This project shows the development process of a detailed prototype of a new responsive website for a physician website development and marketing company. The company needed to revamp their entire business model to account for new competition into their vertical (physician website design and marketing), as well as refresh their online presence, in both their own user experience and user interface design.
The challenge was to make this company’s website stand out in an increasingly saturated market – medical marketing. The initial goal was to revamp the site’s information architecture, so as to provide a more clear summary of what the client’s site offered (the pre-existing site was very cluttered), as well as provide a distinct and intuitive path to generating a purchase.
For this project, I was designated the Lead UI / UX designer. My responsibilities included:
- – implement and encourage a human-centered design approach to the entire UX/UI process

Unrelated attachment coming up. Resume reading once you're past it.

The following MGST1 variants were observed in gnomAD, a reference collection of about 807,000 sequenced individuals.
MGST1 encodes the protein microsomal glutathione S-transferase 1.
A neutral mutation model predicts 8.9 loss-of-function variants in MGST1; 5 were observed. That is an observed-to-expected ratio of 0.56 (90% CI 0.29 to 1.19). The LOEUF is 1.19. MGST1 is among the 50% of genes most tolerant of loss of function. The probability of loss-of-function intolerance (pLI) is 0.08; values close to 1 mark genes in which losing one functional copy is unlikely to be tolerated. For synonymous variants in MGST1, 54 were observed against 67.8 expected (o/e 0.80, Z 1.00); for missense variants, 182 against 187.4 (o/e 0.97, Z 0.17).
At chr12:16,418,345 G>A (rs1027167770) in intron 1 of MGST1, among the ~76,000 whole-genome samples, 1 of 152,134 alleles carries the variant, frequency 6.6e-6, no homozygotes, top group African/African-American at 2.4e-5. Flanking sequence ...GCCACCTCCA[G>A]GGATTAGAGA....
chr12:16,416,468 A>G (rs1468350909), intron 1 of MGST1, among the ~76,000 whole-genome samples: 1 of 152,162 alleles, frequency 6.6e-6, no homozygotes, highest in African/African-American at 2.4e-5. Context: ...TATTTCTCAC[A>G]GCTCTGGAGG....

- – initial research, affinity mapping and consolidating data into a coherent information architecture and design direction
- – user research, in coordination with volunteering practice managers, and creation of user personas
- – the user experience (UX) design (including personas, user-flow, and paper and low-fidelity prototyping)
- – user interface (UI) design, including development of hi-fidelity prototypes
- – deploy mobile and desktop website using WordPress as the underlying software
Affinity Diagram & Card Sorting
I started the user experience research process by brainstorming with key stakeholders and roughing out an affinity diagram. I sketched out random notes and loosely organized thoughts, strategies, personas and user experience directions, based on the key stakeholders comments and feedback.
This was a mental exercise that was designed to flesh out key attributes of the UI / UX process. I worked in sprint mode, writing down ideas and thoughts without worrying about details, spelling or other items that may hinder the thought process.